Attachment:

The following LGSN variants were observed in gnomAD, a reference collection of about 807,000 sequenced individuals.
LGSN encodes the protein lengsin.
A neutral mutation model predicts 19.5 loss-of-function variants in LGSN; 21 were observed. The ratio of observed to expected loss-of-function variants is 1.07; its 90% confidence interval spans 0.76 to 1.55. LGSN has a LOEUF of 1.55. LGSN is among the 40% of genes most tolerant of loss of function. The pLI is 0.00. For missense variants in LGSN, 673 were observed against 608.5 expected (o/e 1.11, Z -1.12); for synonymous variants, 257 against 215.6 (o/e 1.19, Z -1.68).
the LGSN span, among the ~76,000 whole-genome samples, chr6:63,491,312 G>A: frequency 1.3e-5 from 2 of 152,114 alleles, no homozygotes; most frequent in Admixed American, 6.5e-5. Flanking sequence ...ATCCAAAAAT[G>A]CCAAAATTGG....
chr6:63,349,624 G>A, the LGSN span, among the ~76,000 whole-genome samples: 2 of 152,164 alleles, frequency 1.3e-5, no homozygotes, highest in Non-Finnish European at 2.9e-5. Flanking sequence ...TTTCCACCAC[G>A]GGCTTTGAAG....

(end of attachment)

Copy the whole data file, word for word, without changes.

The following LGSN variants were observed in gnomAD, a reference collection of about 807,000 sequenced individuals.
LGSN encodes the protein lengsin.
A neutral mutation model predicts 19.5 loss-of-function variants in LGSN; 21 were observed. The ratio of observed to expected loss-of-function variants is 1.07; its 90% confidence interval spans 0.76 to 1.55. LGSN has a LOEUF of 1.55. LGSN is among the 40% of genes most tolerant of loss of function. The pLI is 0.00. For missense variants in LGSN, 673 were observed against 608.5 expected (o/e 1.11, Z -1.12); for synonymous variants, 257 against 215.6 (o/e 1.19, Z -1.68).
the LGSN span, among the ~76,000 whole-genome samples, chr6:63,491,312 G>A: frequency 1.3e-5 from 2 of 152,114 alleles, no homozygotes; most frequent in Admixed American, 6.5e-5. Flanking sequence ...ATCCAAAAAT[G>A]CCAAAATTGG....
chr6:63,349,624 G>A, the LGSN span, among the ~76,000 whole-genome samples: 2 of 152,164 alleles, frequency 1.3e-5, no homozygotes, highest in Non-Finnish European at 2.9e-5. Flanking sequence ...TTTCCACCAC[G>A]GGCTTTGAAG....